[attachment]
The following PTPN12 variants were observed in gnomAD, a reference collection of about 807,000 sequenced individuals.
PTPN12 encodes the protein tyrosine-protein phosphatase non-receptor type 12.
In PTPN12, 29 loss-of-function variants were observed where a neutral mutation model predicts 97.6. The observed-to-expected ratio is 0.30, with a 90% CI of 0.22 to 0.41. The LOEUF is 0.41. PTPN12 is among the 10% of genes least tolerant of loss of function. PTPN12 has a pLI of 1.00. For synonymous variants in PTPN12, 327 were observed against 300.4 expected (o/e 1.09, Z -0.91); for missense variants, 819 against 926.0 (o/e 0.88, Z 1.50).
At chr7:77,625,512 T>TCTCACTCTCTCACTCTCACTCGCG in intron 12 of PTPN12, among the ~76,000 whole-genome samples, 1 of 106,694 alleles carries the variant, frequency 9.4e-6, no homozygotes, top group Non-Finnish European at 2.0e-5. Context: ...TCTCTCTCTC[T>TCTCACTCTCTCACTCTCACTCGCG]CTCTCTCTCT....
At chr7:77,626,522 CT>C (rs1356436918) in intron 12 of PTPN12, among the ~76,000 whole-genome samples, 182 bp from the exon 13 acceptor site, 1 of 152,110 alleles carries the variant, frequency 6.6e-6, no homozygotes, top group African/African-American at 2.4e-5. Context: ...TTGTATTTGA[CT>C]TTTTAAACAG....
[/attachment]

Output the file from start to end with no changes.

The following PTPN12 variants were observed in gnomAD, a reference collection of about 807,000 sequenced individuals.
PTPN12 encodes the protein tyrosine-protein phosphatase non-receptor type 12.
In PTPN12, 29 loss-of-function variants were observed where a neutral mutation model predicts 97.6. The observed-to-expected ratio is 0.30, with a 90% CI of 0.22 to 0.41. The LOEUF is 0.41. PTPN12 is among the 10% of genes least tolerant of loss of function. PTPN12 has a pLI of 1.00. For synonymous variants in PTPN12, 327 were observed against 300.4 expected (o/e 1.09, Z -0.91); for missense variants, 819 against 926.0 (o/e 0.88, Z 1.50).
At chr7:77,625,512 T>TCTCACTCTCTCACTCTCACTCGCG in intron 12 of PTPN12, among the ~76,000 whole-genome samples, 1 of 106,694 alleles carries the variant, frequency 9.4e-6, no homozygotes, top group Non-Finnish European at 2.0e-5. Context: ...TCTCTCTCTC[T>TCTCACTCTCTCACTCTCACTCGCG]CTCTCTCTCT....
At chr7:77,626,522 CT>C (rs1356436918) in intron 12 of PTPN12, among the ~76,000 whole-genome samples, 182 bp from the exon 13 acceptor site, 1 of 152,110 alleles carries the variant, frequency 6.6e-6, no homozygotes, top group African/African-American at 2.4e-5. Context: ...TTGTATTTGA[CT>C]TTTTAAACAG....